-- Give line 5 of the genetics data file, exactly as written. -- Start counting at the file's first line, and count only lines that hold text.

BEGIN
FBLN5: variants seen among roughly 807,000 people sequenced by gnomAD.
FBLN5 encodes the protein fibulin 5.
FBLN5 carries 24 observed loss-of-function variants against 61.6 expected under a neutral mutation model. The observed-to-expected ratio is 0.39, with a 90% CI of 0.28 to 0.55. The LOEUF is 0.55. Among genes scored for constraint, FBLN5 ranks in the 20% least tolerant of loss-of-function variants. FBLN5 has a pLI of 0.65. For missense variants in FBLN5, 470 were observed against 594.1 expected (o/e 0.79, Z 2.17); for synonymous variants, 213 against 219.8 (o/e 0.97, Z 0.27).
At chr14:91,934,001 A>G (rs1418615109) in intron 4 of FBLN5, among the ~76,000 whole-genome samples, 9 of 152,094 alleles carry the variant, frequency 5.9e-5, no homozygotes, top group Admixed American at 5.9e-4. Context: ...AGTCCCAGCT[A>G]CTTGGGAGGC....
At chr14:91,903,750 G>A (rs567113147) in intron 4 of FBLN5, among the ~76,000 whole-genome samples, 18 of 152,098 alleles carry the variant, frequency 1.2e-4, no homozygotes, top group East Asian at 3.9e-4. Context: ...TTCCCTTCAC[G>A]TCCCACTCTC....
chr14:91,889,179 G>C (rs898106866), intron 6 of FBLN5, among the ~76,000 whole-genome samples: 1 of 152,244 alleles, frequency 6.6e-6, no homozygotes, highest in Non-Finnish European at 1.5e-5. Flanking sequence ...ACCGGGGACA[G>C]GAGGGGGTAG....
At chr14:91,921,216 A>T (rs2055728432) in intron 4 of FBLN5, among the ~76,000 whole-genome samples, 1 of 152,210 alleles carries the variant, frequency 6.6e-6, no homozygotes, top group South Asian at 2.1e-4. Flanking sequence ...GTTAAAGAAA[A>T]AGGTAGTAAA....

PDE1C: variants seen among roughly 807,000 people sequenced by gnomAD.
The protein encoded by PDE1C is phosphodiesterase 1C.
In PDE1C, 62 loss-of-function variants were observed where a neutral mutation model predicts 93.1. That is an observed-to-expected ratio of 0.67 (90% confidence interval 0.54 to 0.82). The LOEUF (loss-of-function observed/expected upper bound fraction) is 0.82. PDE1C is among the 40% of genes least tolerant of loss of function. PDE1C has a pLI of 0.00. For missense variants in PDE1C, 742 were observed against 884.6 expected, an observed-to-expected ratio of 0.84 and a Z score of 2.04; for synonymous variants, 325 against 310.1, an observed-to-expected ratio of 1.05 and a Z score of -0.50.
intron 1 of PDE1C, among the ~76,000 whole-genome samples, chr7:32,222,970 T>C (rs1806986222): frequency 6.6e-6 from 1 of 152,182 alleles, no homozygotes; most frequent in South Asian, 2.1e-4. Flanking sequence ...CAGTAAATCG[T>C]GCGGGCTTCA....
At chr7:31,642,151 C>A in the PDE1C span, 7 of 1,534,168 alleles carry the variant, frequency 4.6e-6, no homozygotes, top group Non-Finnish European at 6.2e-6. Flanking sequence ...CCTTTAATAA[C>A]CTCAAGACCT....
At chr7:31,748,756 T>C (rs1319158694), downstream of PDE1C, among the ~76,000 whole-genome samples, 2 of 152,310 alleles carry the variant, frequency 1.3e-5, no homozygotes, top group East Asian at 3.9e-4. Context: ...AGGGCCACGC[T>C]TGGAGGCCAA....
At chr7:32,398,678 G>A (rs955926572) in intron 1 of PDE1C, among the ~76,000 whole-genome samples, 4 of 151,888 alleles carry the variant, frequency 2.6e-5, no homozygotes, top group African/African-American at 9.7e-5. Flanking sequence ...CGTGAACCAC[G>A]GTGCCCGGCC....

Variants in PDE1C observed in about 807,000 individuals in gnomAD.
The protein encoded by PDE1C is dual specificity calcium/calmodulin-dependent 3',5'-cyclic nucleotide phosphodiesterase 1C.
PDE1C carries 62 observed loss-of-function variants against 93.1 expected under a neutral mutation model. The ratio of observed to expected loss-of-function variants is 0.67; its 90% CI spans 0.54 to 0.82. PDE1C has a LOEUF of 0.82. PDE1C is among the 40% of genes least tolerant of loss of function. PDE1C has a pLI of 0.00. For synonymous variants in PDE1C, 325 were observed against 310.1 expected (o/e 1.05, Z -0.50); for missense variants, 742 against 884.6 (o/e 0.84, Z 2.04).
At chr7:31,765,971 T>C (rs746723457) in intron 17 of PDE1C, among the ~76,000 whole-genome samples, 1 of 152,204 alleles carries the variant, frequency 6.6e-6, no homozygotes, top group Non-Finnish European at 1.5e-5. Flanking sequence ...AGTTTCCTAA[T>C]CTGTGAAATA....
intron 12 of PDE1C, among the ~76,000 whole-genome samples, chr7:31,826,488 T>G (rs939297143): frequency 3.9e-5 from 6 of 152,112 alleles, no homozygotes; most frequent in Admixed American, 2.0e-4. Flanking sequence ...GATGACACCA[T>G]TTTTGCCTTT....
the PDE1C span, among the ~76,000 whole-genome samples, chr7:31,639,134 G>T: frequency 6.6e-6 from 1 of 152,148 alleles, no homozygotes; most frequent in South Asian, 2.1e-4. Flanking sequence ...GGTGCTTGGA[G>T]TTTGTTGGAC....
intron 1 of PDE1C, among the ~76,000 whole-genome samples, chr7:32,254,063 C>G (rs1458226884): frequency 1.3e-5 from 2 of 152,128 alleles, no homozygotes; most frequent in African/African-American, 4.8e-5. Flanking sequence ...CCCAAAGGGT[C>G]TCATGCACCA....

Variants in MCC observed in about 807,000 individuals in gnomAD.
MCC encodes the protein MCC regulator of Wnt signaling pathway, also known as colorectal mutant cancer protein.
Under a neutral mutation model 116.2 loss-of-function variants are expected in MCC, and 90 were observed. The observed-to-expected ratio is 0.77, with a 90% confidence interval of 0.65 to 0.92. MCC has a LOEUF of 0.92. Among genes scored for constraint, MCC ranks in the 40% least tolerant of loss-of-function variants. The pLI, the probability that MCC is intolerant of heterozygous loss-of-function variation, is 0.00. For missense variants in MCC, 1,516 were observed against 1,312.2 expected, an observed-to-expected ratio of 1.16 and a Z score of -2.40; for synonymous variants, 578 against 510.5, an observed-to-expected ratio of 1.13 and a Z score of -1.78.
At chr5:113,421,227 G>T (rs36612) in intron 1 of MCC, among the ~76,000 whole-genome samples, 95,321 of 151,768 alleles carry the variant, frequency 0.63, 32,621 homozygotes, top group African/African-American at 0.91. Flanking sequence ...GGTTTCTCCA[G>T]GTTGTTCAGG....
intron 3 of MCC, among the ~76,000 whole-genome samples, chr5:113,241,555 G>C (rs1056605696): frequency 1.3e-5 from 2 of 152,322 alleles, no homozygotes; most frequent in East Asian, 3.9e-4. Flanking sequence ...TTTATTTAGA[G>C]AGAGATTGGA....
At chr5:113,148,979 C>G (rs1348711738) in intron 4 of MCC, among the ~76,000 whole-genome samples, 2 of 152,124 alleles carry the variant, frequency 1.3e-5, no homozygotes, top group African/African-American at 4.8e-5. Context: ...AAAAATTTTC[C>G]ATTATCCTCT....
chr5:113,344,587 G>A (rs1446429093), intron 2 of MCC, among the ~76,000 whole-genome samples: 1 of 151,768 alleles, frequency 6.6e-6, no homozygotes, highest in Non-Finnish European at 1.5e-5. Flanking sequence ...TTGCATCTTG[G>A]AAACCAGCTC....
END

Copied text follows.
At chr14:91,903,750 G>A (rs567113147) in intron 4 of FBLN5, among the ~76,000 whole-genome samples, 18 of 152,098 alleles carry the variant, frequency 1.2e-4, no homozygotes, top group East Asian at 3.9e-4. Context: ...TTCCCTTCAC[G>A]TCCCACTCTC....